The deltoid muscle is a thick rounded-tringle shape muscle on the human shoulder. In general terms, it is also known as common shoulder muscle. It is also known as deltoideus in the Greek language.
To have an easy 360-degree movement of like arms back-forth, rotation, swinging, etc. is only possible because of the deltoid muscle on the shoulder.
Dislocation of it can cause pain and muscular cramp on the shoulder and arm as well. These consist of a minimum of 7 groups of nerves that can be well-coordinated by the central nervous system, as claimed by electromyography.
These are majorly made up of three sets of fibers in the body, such as mentioned below.
- Anterior or Clavicular Part, also known as pars clavicular. These muscle fibers lie adjoining next to the lateral fibers of pectoralis major muscles with small chiasmatic space. Generally known as anterior deltoids or front delts too.
- Posterior or Scapular Part, also called pars scapulars. These lie within the lower lip of the posterior border of the spinal scapula. Commonly known as posterior deltoid or rear deltoid.
- Intermediate or Acromial Part also referred to as pars acrominalis. These are also known as lateral deltoid, middle delts, outer delts, or even as side delts. Due to its origin on the medial portion of the deltoid, so also referred to as medial deltoid.
Deltoid Muscle Location
The deltoid muscle lies in the upper arms and shoulder on both sides of the body. It is majorly of triangular contour, with broad part joint to shoulder and thinnest to resting at the upper arm. It ensures flexible movement of shoulder and arms.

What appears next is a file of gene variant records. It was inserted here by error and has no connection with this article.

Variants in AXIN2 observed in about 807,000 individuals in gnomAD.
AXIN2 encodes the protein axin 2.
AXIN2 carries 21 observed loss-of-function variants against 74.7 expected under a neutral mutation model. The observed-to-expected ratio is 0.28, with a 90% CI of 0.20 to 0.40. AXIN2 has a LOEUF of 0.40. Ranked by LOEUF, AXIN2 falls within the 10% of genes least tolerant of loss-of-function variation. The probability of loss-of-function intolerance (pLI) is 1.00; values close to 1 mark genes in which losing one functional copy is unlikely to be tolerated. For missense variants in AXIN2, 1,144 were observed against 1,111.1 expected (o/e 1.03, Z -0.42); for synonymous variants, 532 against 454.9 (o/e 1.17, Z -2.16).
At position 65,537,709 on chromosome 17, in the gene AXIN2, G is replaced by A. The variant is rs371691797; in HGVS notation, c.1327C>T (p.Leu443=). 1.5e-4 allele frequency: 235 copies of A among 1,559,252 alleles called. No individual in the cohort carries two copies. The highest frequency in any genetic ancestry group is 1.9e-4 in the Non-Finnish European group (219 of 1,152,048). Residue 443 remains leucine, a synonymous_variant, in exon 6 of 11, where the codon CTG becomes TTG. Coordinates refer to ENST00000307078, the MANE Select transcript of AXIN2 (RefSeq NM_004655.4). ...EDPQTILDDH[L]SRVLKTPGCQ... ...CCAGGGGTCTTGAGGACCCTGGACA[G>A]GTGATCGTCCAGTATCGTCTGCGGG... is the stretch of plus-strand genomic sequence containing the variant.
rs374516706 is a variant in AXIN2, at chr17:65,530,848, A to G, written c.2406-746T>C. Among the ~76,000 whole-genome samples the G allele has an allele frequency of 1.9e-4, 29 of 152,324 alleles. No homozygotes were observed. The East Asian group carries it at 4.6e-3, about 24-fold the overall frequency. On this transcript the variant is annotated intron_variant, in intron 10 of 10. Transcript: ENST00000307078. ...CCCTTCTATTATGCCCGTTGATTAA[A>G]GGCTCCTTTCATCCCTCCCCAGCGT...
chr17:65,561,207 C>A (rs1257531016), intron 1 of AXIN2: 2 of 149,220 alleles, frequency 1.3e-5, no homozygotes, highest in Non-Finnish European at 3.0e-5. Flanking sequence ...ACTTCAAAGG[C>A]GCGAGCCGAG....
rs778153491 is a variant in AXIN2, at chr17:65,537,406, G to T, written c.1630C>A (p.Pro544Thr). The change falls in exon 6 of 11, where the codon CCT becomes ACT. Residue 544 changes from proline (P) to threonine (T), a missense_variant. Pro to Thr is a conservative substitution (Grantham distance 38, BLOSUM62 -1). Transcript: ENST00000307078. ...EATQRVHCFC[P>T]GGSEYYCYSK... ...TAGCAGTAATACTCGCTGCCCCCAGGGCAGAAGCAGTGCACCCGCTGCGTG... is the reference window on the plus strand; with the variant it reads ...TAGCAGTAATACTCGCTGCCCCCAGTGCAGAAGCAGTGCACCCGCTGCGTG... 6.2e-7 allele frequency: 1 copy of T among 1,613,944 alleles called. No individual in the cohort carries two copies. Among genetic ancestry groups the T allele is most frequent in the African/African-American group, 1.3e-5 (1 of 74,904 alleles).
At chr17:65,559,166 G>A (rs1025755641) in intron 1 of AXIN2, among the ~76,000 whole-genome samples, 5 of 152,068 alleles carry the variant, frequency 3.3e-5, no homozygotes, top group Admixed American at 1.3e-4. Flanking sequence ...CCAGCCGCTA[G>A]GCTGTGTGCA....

It is attached to three points on both sides of the body, including:
- Outer end on the collar bone (clavicle).
- Acromion process of the scapula (bony process on scapula or shoulder blade).
- The spine of the scapula (bony stature on the backside of the shoulder blade).
The Insertion And Relation of Deltoid Muscles
These are superficial fiber muscles on each side shoulder, that overlying fascia, platysma muscle, and skin.
Deltoids overlie within several other muscular structures such as rotator cuff muscles like supraspinatus, infraspinatus, teres minor, and subscapularis.
Muscles, including pectoralis major, pectoralis minor, and triceps branchii muscles. It even contours coracoacromial ligament, subacromial bursa, bony structures, and neurovascular structures on shoulders. It is innervated by the axillary nerve (brachial plexus).
Deltoid Muscles Blood Supply
The blood supply is regulated by many sources such as below:
- Thoracoacrominal Artery, a branch of the axillary artery, a combination of acromial and deltoid branches.
- Subscapular Artery, also the branch of the axillary artery.
- Anterior Circumflex Humeral Artery.
- Posterior Circumflex Humeral Artery.
- Deep Brachial Artery or profunda brachii artery from the deltoid branch.
Deltoid Muscle Function
Precisely, the deltoid muscle is the principal abductor of the arm lies on the glenohumeral joint.
It ensures easy abduction motion as made up of clavicular and scapular spinal fibers. While carrying heavy objects, deltoid muscles produce a line of force to stabilize the glenohumeral joint.
This primary prevents pain and displacement of the glenohumeral joint and controllers the arm and shoulder pressure. It even undergoes with eccentric contraction on deltoid muscles.
Clavicular-anterior fibers will help the deltoid muscle produce flexion of the arm, along with pectoralis motion while walking and running.
However, the scapular spinal fibers-posterior of deltoid muscles produce an extension of the arm while acting with latissimus dorsi during ambulation helps in the humerus’ rotation.